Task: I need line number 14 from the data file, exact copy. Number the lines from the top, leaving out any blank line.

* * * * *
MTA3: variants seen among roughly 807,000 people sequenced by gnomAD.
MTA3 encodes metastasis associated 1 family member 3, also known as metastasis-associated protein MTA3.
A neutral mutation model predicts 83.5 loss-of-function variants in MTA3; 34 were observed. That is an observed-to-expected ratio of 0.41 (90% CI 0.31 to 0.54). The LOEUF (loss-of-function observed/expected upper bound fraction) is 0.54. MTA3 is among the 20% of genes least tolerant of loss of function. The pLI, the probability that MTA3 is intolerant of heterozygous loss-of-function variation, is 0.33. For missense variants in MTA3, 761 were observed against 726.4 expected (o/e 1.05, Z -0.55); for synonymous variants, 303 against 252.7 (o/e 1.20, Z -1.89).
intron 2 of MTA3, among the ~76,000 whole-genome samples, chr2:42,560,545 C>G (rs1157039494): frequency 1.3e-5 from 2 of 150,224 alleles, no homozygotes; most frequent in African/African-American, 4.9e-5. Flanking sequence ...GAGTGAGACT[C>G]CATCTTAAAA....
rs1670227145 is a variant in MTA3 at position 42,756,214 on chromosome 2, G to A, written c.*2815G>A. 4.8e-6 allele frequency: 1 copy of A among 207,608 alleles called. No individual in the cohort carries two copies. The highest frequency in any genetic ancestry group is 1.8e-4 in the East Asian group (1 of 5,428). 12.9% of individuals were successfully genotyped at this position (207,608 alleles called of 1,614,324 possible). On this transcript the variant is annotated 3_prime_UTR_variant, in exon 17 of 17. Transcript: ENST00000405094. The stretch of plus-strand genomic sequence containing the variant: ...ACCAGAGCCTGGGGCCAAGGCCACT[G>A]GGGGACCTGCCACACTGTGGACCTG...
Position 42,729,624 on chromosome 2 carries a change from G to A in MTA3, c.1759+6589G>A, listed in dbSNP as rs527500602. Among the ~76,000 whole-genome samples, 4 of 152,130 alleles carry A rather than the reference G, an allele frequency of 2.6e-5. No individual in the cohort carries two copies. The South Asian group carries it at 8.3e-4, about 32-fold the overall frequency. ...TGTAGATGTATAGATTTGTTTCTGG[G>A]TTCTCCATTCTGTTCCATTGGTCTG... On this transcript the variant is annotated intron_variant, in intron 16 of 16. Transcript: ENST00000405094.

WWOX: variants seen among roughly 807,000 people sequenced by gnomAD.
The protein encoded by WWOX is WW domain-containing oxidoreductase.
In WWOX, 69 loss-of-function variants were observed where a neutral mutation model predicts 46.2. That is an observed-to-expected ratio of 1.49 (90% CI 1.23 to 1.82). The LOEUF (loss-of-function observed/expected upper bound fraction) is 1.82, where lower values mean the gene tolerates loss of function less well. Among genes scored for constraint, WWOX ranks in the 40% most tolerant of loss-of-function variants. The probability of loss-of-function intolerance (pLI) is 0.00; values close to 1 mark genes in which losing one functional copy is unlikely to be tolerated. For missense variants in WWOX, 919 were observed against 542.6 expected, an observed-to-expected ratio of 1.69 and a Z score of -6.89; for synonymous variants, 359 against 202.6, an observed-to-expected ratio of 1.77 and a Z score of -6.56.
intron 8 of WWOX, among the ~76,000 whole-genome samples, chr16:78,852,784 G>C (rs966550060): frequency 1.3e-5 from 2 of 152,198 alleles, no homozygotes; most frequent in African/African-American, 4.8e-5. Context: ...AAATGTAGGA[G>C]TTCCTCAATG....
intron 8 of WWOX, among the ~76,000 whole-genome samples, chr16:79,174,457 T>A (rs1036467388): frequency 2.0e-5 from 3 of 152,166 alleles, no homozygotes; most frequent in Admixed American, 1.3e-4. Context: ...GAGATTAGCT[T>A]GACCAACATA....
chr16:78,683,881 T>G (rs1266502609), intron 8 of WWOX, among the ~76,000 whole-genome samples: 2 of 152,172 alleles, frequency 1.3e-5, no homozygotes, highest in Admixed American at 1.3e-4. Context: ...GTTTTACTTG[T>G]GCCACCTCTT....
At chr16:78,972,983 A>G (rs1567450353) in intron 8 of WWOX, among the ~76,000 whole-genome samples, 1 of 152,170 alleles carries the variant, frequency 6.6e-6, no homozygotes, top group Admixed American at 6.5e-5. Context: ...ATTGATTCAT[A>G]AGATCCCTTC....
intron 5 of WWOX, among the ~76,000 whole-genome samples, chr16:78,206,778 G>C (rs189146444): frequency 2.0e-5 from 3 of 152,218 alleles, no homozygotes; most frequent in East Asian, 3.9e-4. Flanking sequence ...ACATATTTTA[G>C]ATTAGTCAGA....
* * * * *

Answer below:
intron 5 of WWOX, among the ~76,000 whole-genome samples, chr16:78,206,778 G>C (rs189146444): frequency 2.0e-5 from 3 of 152,218 alleles, no homozygotes; most frequent in East Asian, 3.9e-4. Flanking sequence ...ACATATTTTA[G>C]ATTAGTCAGA....